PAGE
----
Last Tuesday morning I got the call from Deaconess Hospital in Spokane, Washington that my mother was very ill—the result of a tick bite that had caused a bacterial infection in her bloodstream and then a reaction to the administered antibiotics. I was on a plane from San Francisco that afternoon.
I arrived at ICU around midnight and made my way through the landscape of hospital corridors and maze of gatekeepers to her darkened room where she was conscious although drifty, and attached at every orifice to pumps and tubes that hummed, glugged, buzzed and beeped, bringing her back from the brink. I kissed her, stroked her face and held her hand as she told me she was glad I was there, but that she was ready to go. That she’d had a good life, but she was tired. I told her I didn’t think it was her time yet, and although she was ready, the rest of us weren’t ready to lose her. She sighed and drifted off to sleep. I went out to find the nurse and get an updated report on her condition.
As I wandered the seemingly abandoned podular hallway that circled the rooms, I experienced a small shiver, sensing the residual presence of all the souls that had passed through the twilit space on their way from this world to the next. I wondered at the traumas that had brought the other patients into ICU and about decisions made, not only by the doctors and nurses and family members of the ICU patients, but also of the individuals themselves—whether or not to stay or go.
I thought of Gayle Forman’s IF I STAY, of Mia’s out-of-body journey after she’d lost her family—of how she watched herself and the efforts of those around her to bring her back to life when she wasn’t sure she wanted to stay. The story had a big impact on me and I have thought often of the hard choice she made and wondered at what had happened after.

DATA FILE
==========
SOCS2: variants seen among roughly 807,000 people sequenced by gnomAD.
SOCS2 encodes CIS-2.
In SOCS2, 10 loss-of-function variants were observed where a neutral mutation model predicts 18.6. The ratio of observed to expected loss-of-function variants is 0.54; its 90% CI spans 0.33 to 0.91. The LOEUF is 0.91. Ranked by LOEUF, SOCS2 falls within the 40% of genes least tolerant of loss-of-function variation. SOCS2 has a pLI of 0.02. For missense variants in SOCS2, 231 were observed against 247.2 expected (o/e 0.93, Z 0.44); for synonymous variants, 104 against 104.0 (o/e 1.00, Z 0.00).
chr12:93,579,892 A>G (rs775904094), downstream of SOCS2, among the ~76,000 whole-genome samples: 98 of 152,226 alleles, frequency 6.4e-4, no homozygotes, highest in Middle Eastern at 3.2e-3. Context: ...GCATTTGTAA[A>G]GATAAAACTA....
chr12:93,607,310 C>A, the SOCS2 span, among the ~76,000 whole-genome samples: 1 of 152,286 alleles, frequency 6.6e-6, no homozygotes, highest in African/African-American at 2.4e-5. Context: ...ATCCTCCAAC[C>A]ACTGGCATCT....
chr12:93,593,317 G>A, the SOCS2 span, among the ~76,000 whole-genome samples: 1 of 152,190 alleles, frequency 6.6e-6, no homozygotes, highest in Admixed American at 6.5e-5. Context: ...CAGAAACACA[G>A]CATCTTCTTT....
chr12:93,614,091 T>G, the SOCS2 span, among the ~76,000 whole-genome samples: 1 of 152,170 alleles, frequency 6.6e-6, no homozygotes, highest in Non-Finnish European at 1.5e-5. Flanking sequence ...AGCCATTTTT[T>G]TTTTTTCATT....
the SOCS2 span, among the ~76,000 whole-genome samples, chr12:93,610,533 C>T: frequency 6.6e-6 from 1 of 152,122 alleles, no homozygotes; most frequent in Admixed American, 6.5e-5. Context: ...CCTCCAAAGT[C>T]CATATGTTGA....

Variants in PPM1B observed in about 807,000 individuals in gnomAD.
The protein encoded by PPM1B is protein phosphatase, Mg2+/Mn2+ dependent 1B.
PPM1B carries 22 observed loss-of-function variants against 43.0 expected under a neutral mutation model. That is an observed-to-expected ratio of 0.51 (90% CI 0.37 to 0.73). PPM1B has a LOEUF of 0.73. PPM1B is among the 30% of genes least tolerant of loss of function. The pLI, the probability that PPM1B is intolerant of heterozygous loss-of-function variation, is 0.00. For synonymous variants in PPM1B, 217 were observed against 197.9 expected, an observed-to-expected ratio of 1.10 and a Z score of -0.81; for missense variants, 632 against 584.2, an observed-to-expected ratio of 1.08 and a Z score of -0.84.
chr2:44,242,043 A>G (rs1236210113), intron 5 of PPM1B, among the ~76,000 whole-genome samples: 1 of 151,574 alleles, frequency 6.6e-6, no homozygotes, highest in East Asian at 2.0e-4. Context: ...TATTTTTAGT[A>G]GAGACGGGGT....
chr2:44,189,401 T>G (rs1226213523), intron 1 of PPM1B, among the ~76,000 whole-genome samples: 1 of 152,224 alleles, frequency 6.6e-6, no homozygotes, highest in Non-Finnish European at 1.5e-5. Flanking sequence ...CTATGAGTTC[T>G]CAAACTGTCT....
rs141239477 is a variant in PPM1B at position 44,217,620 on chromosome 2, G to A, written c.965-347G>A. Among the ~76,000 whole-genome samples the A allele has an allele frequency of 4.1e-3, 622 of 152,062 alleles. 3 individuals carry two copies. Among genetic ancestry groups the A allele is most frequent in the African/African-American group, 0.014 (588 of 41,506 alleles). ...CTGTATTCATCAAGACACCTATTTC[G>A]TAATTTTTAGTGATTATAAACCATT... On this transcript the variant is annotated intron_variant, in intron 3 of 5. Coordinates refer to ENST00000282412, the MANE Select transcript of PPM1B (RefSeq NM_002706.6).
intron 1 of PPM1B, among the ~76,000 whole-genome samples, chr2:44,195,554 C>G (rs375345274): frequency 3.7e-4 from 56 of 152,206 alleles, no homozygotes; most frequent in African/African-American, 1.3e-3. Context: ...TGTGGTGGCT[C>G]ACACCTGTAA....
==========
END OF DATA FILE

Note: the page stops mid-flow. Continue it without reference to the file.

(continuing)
After being reassured by the nurse that my mother should make a full recovery, that the crisis was behind us, I went to check into my hotel room. Once I settle in, I downloaded WHERE SHE WENT, the follow up story to IF I STAY, onto my iPad. Over the next few days, as I watched my mother gather strength, rekindle an interest in sticking around for a while. and grow strong enough to go to a skilled nursing facility to do some physical therapy, I took breaks and read the story of the fallout from Mia’s decision, told from Adam’s (Mia’s heart-throb musician boyfriend) point of view. If you haven’t read it, (then you HAVE to! Read them both!) I don’t want to give it away, but I think I cried even harder. Good cathartic tears.
I am so grateful for stories that work their way into my heart and help me to understand emotionally complicated situations by showing how others might navigate their own traumatic landscapes.